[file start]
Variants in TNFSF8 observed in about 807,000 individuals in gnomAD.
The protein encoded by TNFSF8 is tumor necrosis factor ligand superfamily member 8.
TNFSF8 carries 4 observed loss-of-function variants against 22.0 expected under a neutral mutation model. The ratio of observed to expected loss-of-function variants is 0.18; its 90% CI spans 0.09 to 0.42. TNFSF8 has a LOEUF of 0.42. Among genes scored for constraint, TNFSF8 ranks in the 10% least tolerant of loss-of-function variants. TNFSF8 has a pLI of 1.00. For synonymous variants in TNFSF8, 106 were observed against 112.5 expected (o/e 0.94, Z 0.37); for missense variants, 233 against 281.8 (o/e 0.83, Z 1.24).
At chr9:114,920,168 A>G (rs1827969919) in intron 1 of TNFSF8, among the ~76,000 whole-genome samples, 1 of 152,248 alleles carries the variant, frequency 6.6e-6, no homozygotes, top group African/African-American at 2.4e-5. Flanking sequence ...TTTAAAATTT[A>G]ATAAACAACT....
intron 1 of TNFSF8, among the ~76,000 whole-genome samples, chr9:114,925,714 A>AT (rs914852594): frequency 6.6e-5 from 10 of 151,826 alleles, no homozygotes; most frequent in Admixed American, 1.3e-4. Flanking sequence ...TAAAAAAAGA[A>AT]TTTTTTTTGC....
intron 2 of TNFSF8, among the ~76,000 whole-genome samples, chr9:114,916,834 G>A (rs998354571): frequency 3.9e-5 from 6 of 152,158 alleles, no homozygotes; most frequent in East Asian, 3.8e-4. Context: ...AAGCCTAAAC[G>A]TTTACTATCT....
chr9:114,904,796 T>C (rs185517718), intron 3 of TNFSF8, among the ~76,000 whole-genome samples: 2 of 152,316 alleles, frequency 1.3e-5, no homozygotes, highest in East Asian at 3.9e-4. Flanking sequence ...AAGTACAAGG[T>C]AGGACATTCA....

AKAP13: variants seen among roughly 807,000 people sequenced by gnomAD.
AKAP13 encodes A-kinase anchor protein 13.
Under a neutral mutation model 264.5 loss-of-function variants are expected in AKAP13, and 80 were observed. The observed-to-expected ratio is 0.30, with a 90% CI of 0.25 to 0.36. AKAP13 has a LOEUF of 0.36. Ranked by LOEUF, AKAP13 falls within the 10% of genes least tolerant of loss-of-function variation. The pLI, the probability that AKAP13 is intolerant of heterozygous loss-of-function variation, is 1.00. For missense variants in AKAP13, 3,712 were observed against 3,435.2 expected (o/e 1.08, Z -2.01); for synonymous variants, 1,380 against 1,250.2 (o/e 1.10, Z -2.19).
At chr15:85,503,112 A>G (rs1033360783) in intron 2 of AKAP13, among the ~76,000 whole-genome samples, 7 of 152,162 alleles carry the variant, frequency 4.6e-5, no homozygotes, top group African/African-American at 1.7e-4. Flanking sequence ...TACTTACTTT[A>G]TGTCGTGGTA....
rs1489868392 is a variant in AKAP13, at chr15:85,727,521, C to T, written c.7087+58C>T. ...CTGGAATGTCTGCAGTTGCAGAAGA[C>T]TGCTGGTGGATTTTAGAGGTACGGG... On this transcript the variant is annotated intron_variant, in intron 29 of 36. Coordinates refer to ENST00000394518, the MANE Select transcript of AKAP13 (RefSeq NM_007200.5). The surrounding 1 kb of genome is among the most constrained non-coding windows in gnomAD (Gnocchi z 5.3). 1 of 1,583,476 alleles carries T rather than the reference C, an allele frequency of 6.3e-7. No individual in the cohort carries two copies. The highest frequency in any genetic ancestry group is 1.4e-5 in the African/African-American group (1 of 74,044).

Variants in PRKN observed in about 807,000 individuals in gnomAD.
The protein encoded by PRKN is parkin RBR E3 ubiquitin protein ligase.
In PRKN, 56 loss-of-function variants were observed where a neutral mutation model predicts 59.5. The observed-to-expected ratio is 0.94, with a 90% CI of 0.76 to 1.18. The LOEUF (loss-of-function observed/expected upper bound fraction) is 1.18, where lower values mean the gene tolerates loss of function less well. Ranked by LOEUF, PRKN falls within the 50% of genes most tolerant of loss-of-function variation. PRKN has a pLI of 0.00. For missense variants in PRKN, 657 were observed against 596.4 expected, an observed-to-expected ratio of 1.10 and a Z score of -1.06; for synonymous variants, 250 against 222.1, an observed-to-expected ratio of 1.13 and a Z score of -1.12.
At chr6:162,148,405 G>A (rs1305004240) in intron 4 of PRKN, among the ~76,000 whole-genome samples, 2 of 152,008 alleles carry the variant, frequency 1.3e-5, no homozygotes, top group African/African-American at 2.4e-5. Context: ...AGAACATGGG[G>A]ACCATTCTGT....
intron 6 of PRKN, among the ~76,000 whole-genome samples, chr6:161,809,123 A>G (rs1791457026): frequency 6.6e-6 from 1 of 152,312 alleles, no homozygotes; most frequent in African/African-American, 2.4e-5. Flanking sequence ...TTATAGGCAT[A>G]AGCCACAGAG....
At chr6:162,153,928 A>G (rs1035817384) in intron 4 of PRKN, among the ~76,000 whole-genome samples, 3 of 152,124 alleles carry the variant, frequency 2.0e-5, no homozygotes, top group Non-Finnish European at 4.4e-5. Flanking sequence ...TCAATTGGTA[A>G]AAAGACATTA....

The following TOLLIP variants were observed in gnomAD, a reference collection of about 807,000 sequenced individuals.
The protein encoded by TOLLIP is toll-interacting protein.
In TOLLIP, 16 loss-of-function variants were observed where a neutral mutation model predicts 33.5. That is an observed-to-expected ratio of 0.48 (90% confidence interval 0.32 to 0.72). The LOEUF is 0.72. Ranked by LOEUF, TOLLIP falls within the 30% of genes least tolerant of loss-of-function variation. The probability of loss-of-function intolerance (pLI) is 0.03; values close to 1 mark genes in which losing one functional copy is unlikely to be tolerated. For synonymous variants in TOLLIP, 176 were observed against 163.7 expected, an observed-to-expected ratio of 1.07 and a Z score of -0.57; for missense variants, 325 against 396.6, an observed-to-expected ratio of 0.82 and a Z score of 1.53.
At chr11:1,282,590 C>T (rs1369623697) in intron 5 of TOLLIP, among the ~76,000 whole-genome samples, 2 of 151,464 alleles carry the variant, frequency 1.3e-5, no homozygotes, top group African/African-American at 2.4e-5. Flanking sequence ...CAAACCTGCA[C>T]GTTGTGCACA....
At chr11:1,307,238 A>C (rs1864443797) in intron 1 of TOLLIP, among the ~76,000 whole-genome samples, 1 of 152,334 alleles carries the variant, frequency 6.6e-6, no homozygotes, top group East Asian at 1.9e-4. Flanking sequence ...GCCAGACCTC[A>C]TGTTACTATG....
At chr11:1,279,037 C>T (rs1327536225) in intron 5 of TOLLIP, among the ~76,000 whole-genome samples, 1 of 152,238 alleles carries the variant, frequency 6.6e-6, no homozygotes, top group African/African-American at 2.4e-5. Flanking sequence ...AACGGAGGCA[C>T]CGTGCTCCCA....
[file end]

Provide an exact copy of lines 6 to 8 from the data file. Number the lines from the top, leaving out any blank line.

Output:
intron 2 of TNFSF8, among the ~76,000 whole-genome samples, chr9:114,916,834 G>A (rs998354571): frequency 3.9e-5 from 6 of 152,158 alleles, no homozygotes; most frequent in East Asian, 3.8e-4. Context: ...AAGCCTAAAC[G>A]TTTACTATCT....
chr9:114,904,796 T>C (rs185517718), intron 3 of TNFSF8, among the ~76,000 whole-genome samples: 2 of 152,316 alleles, frequency 1.3e-5, no homozygotes, highest in East Asian at 3.9e-4. Flanking sequence ...AAGTACAAGG[T>C]AGGACATTCA....

AKAP13: variants seen among roughly 807,000 people sequenced by gnomAD.